5. What men “need” is to become disciples of our Lord and Savior Jesus Christ, and all that this implies. Discipleship is the process by which men become civilized. The central mission of the church—the overarching goal—is to “make disciples.” Discipleship is the “portal” priority through which all the other desired outcomes of the ecclesia are achieved. The key to success at every point is, “Go and make disciples.” Here’s a good working definition:
First, a disciple is someone called to profess faith in Jesus Christ (this is the “evangelism” piece). Second, they are equipped in an ongoing process of spiritual growth and transformation (this is the “teaching” piece). Third, they are sent to love, serve, and abide in Christ (this is the “go” piece).
6. The senior pastor is the key to everything. For my Ph.D., I conducted multiple-case study research to find out, “Why do some churches succeed in men’s discipleship ministry while others languish or fail?” The three main factors I found in the highly effective churches were:
I cannot overstate this enough: No one has more influence with your men than the senior pastor!
7. Success hinges on having a vision to disciple “every” man in your church. In the effective churches, the senior pastors had a clear vision and a passionate commitment to disciple every man in their churches. And the pastors “sold” their visions hard, yet were patient about giving people time to get on board. At Man in the Mirror, we call this “all-inclusive men’s ministry”—however many men you have in your church, that’s the size of your men’s ministry. By the way: the research revealed it is clearly not enough for a layman or even an associate pastor to have this vision. That’s not to say men won’t be discipled if the senior pastor is not on board, but the results will be a fraction of what they could have been.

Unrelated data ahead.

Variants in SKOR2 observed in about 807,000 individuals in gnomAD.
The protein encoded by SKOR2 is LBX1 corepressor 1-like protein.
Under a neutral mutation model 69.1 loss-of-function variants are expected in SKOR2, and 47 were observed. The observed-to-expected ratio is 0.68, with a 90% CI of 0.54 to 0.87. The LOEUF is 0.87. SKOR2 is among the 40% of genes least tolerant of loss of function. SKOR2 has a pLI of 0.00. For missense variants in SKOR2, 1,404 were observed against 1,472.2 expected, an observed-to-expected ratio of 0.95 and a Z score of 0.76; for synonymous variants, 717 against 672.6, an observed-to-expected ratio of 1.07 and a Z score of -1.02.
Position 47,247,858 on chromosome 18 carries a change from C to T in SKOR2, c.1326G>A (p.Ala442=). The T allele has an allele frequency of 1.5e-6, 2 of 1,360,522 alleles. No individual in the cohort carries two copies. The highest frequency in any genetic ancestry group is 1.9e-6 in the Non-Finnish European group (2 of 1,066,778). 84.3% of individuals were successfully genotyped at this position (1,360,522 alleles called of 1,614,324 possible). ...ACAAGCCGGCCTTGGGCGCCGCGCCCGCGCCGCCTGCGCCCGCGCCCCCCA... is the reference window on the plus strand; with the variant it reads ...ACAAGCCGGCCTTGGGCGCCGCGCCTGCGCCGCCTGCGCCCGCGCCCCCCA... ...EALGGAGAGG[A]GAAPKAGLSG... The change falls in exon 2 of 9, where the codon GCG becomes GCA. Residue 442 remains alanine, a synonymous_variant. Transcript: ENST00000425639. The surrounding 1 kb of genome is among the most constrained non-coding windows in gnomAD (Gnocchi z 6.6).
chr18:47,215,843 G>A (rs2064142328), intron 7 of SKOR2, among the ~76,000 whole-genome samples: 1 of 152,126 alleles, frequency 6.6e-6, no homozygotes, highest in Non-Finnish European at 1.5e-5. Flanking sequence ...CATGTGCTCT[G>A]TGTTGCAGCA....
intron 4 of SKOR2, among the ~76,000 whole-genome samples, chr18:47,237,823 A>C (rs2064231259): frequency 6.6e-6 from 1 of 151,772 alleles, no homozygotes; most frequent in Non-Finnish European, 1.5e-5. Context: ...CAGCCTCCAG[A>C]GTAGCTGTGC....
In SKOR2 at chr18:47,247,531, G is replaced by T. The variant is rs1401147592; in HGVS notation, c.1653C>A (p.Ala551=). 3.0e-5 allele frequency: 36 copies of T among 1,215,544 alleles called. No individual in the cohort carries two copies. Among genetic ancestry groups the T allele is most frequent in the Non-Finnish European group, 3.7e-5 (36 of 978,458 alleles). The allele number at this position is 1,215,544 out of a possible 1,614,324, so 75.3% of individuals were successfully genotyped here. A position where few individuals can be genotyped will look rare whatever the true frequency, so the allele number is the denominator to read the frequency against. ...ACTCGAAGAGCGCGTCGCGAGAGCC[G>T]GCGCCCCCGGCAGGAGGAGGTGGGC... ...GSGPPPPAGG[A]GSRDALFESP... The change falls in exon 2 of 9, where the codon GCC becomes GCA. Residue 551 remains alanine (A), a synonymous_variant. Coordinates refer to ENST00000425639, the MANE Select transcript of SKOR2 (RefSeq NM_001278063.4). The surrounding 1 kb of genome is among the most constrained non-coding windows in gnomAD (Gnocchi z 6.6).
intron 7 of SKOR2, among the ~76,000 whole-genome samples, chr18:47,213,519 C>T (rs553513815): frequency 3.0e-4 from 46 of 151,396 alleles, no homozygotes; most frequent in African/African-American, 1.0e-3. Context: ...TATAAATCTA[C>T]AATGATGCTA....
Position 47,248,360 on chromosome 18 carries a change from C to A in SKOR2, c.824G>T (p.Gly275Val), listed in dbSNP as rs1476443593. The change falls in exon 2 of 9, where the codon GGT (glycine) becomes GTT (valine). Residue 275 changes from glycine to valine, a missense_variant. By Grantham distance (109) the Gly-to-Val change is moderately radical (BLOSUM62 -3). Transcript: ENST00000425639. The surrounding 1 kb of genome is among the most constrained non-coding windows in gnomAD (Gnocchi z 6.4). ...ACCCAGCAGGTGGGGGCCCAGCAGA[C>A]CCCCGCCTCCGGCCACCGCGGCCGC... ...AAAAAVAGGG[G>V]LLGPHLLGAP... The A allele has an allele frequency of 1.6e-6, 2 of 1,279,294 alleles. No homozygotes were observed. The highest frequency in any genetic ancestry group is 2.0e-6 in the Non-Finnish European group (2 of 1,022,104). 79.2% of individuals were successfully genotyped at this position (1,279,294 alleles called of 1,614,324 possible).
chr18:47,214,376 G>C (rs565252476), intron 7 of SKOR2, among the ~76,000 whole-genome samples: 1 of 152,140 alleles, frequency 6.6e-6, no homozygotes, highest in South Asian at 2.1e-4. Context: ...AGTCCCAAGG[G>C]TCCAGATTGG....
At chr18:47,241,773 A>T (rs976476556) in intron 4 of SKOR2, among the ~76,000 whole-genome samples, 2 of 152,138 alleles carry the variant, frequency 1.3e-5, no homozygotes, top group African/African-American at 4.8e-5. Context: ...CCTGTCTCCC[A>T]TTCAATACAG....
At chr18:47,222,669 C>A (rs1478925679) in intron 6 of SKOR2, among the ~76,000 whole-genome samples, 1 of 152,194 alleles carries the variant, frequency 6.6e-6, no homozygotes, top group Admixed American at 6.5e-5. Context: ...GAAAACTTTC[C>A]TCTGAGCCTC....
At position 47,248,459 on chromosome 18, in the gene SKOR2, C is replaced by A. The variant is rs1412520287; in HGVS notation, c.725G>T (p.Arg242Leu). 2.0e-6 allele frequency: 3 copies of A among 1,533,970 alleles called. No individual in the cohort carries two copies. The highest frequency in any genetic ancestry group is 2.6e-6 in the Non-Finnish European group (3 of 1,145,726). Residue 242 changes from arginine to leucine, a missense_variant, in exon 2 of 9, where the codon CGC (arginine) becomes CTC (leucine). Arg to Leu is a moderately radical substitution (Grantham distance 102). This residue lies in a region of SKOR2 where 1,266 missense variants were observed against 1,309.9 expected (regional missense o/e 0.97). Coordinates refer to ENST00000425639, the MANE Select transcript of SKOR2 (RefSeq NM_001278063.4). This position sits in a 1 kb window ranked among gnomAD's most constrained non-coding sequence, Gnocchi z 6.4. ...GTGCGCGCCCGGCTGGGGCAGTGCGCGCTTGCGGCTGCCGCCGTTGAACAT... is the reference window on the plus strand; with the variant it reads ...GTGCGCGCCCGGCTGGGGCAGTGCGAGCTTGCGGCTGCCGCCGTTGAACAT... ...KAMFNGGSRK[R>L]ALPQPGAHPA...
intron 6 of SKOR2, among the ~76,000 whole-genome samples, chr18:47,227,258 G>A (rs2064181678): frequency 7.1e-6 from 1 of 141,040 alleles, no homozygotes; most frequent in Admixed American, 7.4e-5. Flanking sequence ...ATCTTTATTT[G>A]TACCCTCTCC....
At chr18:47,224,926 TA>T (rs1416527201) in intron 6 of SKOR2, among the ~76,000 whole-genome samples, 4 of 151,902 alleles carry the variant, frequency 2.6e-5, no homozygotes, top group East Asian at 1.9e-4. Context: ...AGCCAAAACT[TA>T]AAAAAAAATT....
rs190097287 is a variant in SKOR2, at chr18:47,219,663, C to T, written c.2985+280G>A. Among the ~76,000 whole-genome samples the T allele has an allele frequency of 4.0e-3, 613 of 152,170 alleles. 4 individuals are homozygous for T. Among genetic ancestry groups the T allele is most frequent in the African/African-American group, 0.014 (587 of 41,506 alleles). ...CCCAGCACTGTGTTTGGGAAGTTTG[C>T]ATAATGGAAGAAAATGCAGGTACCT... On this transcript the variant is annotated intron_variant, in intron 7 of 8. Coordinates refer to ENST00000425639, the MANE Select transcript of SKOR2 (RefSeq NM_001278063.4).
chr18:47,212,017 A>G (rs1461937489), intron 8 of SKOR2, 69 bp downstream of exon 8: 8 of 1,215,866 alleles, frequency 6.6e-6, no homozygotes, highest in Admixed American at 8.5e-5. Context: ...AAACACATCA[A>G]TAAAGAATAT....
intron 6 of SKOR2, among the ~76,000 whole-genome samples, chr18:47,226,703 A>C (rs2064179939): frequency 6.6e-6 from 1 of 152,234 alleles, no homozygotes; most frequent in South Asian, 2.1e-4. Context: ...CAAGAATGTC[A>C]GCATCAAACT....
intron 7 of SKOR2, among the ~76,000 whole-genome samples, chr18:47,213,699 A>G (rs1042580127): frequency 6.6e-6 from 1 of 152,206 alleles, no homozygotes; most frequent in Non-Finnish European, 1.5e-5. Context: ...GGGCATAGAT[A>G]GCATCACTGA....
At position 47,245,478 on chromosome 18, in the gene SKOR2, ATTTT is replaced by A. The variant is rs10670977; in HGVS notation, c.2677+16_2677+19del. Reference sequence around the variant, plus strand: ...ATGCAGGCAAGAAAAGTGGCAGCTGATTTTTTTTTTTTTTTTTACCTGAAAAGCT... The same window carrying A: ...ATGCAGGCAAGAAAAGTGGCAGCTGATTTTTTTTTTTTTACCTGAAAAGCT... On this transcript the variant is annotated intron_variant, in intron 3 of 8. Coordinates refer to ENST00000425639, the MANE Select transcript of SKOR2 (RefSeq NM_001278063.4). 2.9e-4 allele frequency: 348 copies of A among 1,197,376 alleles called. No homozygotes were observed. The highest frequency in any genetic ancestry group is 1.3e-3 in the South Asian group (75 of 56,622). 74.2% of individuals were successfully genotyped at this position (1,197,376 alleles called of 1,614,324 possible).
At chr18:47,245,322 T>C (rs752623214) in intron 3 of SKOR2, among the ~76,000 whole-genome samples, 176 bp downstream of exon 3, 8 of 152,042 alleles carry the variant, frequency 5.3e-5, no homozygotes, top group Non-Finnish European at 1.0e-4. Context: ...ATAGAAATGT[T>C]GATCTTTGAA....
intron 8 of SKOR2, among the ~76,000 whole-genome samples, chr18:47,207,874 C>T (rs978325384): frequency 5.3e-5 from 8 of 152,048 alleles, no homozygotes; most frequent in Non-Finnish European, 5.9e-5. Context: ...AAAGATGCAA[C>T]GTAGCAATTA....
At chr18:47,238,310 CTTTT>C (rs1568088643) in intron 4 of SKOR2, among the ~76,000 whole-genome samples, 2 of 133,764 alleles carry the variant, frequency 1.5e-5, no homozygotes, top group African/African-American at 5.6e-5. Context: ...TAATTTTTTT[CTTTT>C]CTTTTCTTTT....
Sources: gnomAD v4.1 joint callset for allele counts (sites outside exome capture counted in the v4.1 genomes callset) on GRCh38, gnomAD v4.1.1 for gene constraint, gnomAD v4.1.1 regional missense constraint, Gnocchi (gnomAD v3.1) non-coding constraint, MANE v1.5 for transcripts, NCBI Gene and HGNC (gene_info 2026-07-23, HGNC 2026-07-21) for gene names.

9. Successful men’s discipleship depends on having a “sustainable” strategy. “Sustainability” easily ranks as the number one problem in men’s discipleship ministry. In the effective churches, the senior pastors had a planning model, method, or process they employed to not only create discipleship momentum, but also to sustain it. They discovered a way to sustain discipleship—their determination was not in vain. However, the ineffective and failed churches created a lot of momentum from time to time, but had no strategy to keep it going.
In business we say, “Your system is perfectly designed to produce the results you are getting.” For example, if you manufacture cars and every third car that rolls off the assembly line is missing a front right fender, your system is perfectly designed to produce that result. Your church has a “men’s discipleship system” that is perfectly designed to produce the kind of men you have sitting in your pews!
What does men’s discipleship look like in your church? Check out the “system” we’ve developed—the No Man Left Behind Model—in No Man Left Behind. Or pre-order Pastoring Men which has a summarized version.
The “men problem” will never get any better until the church makes “it” better. It is, at root, a spiritual problem. May God give us the grace and wisdom to disciple a new generation of men—kingdom men—who are spiritually mature, morally excellent, and socially responsible.